And how far is that exactly? It's almost beyond imagining. Space, you see, is just enormous—just enormous. Let's imagine, for purposes of edification and entertainment, that we are about to go on a journey by rocketship. We won't go terribly far—just to the edge of our own solar system—but we need to get a fix on how big a place space is and what a small part of it we occupy.
Now the bad news, I'm afraid, is that we won't be home for supper. Even at the speed of light, it would take seven hours to get to Pluto. But of course we can't travel at anything like that speed. We'll have to go at the speed of a spaceship, and these are rather more lumbering. The best speeds yet achieved by any human object are those of the Voyager 1 and 2 spacecraft, which are now flying away from us at about thirty-five thousand miles an hour.
The reason the Voyager craft were launched when they were (in August and September 1977) was that Jupiter, Saturn, Uranus, and Neptune were aligned in a way that happens only once every 175 years. This enabled the two Voyagers to use a "gravity assist" technique in which the craft were successively flung from one gassy giant to the next in a kind of cosmic version of "crack the whip." Even so, it took them nine years to reach Uranus and a dozen to cross the orbit of Pluto.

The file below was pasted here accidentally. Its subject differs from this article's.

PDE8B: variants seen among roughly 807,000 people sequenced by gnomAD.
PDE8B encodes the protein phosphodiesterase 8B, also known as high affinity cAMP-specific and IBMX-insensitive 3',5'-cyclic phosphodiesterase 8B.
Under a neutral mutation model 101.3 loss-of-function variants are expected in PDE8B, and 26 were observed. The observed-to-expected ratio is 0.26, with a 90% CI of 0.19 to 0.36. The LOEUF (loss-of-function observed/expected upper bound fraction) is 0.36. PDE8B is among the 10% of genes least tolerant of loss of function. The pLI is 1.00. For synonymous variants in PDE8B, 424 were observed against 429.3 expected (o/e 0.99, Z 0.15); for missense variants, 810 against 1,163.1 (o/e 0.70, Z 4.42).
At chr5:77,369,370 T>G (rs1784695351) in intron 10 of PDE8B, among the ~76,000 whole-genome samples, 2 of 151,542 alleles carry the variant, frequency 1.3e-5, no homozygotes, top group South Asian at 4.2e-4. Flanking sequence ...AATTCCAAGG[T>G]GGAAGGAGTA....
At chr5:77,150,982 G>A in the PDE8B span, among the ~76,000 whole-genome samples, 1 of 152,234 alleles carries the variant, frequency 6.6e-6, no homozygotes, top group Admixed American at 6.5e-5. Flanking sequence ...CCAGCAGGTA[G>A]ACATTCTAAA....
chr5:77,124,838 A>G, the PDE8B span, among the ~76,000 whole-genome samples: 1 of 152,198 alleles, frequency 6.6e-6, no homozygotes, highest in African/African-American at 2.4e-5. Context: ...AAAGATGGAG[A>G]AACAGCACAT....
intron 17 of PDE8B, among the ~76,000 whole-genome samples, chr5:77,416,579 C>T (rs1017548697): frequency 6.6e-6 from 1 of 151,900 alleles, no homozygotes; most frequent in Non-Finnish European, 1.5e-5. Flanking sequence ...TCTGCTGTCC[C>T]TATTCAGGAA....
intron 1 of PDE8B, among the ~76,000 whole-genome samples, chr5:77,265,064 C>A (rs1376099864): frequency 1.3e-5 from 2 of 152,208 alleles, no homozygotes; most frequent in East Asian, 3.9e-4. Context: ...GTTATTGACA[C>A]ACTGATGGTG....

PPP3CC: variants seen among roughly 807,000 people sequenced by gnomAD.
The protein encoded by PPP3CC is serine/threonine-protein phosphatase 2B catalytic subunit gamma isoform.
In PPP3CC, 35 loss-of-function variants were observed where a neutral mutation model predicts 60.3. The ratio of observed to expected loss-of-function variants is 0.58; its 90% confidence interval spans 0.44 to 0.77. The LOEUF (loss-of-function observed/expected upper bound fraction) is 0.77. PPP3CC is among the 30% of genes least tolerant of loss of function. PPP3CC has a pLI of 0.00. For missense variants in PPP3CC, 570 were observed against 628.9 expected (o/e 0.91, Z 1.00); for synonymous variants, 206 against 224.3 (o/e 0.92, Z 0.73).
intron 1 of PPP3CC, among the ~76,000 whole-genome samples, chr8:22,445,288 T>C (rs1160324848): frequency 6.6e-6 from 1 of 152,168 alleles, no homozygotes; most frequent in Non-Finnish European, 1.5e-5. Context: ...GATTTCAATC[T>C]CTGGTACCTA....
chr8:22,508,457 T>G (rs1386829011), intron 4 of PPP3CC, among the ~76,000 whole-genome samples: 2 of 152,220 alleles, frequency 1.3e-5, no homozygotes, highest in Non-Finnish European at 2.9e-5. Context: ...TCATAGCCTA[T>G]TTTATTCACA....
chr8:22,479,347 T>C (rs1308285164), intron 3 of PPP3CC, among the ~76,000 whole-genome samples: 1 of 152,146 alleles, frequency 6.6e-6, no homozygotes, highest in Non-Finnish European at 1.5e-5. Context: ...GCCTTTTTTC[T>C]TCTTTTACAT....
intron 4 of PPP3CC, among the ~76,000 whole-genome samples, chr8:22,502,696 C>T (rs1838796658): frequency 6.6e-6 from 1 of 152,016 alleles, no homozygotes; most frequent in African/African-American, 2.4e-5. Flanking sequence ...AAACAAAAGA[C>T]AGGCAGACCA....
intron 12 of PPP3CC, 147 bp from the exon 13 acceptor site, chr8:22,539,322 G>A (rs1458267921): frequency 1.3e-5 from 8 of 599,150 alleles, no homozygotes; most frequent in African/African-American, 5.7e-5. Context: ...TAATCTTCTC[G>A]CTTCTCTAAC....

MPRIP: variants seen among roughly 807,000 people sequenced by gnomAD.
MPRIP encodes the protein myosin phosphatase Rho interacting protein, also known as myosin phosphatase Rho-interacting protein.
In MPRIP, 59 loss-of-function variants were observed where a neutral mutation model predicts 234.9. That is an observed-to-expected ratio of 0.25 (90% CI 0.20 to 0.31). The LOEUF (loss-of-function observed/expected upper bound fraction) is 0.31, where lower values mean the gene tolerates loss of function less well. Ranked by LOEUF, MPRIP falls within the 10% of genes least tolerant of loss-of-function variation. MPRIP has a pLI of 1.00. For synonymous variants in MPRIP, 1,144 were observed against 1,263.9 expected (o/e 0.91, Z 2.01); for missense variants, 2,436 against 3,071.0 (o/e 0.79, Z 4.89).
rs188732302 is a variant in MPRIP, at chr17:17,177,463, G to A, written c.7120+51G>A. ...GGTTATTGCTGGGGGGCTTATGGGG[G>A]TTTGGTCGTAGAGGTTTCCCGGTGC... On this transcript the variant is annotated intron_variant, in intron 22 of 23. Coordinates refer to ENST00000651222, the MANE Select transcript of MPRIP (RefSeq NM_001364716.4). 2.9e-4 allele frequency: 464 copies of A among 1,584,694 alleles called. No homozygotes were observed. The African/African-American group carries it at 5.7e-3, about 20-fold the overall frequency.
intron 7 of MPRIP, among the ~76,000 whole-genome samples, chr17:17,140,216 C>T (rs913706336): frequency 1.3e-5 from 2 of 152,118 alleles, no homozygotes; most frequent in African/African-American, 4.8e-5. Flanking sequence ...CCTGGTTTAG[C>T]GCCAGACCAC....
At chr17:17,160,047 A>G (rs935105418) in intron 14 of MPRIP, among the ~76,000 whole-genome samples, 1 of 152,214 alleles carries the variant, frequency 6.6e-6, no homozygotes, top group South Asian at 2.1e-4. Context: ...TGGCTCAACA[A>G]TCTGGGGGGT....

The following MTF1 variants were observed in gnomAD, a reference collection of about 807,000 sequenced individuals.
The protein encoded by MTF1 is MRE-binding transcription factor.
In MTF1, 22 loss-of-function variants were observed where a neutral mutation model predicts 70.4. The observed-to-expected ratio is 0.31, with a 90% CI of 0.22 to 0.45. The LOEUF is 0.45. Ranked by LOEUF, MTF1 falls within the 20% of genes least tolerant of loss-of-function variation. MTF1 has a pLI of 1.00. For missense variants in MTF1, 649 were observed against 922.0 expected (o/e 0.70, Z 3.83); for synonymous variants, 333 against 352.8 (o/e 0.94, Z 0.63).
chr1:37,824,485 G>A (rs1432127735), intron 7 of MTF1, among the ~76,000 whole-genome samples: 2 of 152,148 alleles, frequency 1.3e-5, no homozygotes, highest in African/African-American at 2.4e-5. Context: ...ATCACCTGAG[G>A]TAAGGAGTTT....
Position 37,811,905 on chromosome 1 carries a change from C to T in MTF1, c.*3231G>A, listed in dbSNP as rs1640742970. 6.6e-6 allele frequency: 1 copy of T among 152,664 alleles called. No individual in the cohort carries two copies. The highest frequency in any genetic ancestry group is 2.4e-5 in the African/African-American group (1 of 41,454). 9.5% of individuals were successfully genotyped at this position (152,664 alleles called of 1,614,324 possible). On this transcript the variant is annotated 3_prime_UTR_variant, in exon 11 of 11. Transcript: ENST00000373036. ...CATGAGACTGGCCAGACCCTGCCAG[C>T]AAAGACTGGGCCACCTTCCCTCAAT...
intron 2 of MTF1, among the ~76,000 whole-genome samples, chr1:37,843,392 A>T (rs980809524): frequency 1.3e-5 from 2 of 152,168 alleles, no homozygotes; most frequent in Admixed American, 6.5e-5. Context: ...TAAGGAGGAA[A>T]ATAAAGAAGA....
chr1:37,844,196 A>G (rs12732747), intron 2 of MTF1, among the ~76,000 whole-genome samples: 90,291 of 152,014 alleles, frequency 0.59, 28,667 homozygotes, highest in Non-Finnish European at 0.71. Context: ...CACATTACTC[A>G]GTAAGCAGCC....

The good news is that if we wait until January 2006 (which is when NASA's New Horizons spacecraft is tentatively scheduled to depart for Pluto) we can take advantage of favorable Jovian positioning, plus some advances in technology, and get there in only a decade or so—though getting home again will take rather longer, I'm afraid. At all events, it's going to be a long trip.